Automakers are ramping up lobbying efforts ahead of a key midterm review of the Obama administration's fuel efficiency standards for cars.
Unexpected shortfalls in average fuel economy performance, brought about by low oil prices, have sparked fierce debate among regulators, environmentalists and auto industry representatives. The flare-up comes before the important review of the economy standards spurs potential decisions that could strengthen or weaken the rules that determine how far cars can travel on a gallon of gas.
Everyone is waiting for the release of a technical analysis by the National Highway Traffic Safety Administration and U.S. EPA to provide answers about the standards' performance. The document is expected to be released as early as today.
The report kicks off a multiyear review period. The agencies will have to decide by 2018 whether to tighten the corporate average fuel economy (CAFE) and greenhouse gas emissions standards, which currently require automakers to nearly double the fuel efficiency of new cars between 2010 and 2025.
Automakers have not publicly advocated for a decrease in the standards, but some have complained the current standards present a challenge.
The Alliance of Automobile Manufacturers recently outlined seven recommendations for the agencies, which include revising the number of electric vehicles necessary to meet the standards upward and smoothing differences among regulatory programs.
John Bozzella, CEO of the trade group Association of Global Automakers, said he wants the upcoming agency analysis to review assumptions about fuel prices, consumer preferences and technologies to see whether the targets are still feasible. He urged the agencies to count alternate technologies that reduce emissions, like dynamic grills, toward compliance to ease the burden of tightening standards. Technologies like start-stop or hybridization will become increasingly necessary to meet the rules by 2025, he said.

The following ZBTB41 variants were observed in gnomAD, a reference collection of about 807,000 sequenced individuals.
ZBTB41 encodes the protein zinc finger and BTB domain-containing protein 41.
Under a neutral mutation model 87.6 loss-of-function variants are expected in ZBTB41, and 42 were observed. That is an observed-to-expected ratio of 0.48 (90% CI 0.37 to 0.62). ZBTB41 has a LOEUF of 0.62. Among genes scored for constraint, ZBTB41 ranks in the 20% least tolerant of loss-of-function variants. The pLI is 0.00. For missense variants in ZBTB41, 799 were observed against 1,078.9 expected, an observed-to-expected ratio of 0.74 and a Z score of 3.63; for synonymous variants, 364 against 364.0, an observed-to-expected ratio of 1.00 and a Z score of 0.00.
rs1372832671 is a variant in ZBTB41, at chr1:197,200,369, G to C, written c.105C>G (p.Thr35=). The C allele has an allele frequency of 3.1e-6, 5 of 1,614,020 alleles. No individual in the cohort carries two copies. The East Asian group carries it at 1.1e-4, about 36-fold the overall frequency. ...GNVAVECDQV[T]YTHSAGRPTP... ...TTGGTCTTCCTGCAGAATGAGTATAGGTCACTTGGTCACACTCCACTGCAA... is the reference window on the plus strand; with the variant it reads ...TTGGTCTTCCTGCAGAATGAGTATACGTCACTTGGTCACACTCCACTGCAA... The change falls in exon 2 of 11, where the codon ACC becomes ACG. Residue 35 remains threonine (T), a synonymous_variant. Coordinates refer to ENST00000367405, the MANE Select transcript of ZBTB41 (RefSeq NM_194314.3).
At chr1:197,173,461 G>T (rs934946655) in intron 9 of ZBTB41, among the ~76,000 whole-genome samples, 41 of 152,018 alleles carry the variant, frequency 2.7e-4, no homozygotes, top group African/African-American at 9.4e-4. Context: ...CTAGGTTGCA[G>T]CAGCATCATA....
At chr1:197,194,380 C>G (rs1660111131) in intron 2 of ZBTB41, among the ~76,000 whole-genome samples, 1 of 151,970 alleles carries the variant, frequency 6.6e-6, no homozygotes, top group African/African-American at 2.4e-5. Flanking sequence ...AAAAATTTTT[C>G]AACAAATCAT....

"When we think about the really challenging standards out to 2025 ... we're talking about investments and strategies that are no longer invisible to customers," Bozzella said.
Environmental advocates have argued the standards are technologically attainable. Automakers have consistently met or exceeded the rules so far.
Last week, automakers petitioned the agencies for changes in the rules that would bring more cars into compliance. The changes would attempt to erase discrepancies among the three agencies administering the standards: EPA, NHTSA and the California Air Resources Board.
"The one national program was an aspirational goal, and we don't have it," said Bozzella. "We have different standards based on different goals that create friction and drag within the system."
The petition said some of the changes requested would require congressional action. Bozzella denied that he's currently working on legislation.
He was speaking at an event hosted yesterday by Bloomberg Government that attracted a standing-room-only crowd.
"I'm happy to see so many people care about CAFE standards at 8 a.m. in the morning on a summer day in Washington," former Transportation Secretary Ray LaHood said to laughs. He oversaw the setting of the standards in 2010 and 2012.
He acknowledged that the drop in oil prices has spurred American consumers to buy record numbers of inefficient SUVs and trucks, which has cast doubt that fleetwide fuel targets set by the agencies would be met. Still, he said the 54.5 mpg goal is attainable.
"I have no doubt oil prices are going to go back up again and people are going to be looking for fuel-efficient cars and hybrids," LaHood said. "I think we should stick with that goal."
Reprinted from Climatewire with permission from Environment & Energy Publishing, LLC. www.eenews.net, 202-628-6500